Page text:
For its part, Google does appear to actively police the DMCA takedown requests it receives. Around three percent of DMCA takedown requests the company receives are rejected, and rejected URLs are listed on the Transparency Report's main copyright page. And yes, the folks in the Googleplex caught LeakID's attempts to scrub the Microsoft.com links before the six Office solutions pages disappeared from search results.
But few companies have Google's resources. The Safe Harbor provision of the DMCA rewards websites that "take down first and ask questions later," and for every amusing story like this one, there are dozens of other, more harmful false takedown requests . Also consider that if even just 1 percent of the 100 million-plus requests for URL removals catches an innocent page in the automated crossfire, that's already 1 million websites affected.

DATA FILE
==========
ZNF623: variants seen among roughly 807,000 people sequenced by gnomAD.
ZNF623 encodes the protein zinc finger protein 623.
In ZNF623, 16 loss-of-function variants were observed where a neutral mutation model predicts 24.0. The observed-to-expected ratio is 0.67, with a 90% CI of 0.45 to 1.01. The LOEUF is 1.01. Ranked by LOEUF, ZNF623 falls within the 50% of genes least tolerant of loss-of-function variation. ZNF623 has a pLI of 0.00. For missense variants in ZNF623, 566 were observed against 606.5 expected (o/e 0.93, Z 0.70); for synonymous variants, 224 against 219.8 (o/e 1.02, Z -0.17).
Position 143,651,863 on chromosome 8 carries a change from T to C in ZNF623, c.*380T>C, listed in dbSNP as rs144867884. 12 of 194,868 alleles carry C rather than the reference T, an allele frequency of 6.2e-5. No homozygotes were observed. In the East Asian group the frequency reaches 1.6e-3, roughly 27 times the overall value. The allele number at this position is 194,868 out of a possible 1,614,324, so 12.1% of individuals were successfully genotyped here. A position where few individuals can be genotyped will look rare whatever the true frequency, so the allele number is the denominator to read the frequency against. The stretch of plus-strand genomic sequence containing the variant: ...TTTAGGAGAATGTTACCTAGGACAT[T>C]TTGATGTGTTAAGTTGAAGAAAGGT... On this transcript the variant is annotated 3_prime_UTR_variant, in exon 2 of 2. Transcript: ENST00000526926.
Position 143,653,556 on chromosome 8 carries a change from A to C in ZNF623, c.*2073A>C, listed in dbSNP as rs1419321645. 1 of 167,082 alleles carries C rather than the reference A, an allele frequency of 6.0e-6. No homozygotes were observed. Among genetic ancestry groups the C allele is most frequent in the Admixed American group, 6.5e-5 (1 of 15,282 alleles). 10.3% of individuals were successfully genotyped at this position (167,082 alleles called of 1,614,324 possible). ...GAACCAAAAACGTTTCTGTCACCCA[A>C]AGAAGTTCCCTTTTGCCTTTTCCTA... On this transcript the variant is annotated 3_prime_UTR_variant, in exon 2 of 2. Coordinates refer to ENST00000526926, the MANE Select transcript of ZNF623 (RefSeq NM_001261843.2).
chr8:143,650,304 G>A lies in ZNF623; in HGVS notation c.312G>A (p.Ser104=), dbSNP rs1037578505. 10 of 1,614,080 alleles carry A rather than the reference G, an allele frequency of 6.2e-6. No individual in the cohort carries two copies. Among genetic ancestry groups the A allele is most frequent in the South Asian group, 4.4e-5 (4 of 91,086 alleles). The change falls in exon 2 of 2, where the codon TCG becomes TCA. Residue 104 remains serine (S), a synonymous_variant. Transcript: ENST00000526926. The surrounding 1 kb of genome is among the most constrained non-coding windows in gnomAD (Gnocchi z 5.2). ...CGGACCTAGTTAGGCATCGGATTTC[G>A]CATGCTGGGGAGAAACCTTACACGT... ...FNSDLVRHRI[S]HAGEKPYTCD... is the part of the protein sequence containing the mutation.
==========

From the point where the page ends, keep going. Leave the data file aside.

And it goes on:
The Electronic Frontier Foundation filed a court brief in 2012 arguing that automated DMCA requests that aren't reviewed by actual humans should be considered negligent, therefore opening the requestor to sanctions. Nothing ever came from the attempt, however—and automated, unreviewed requests generated by Microsoft contractors are still trying to erase parts of the Microsoft.com website to this very day.
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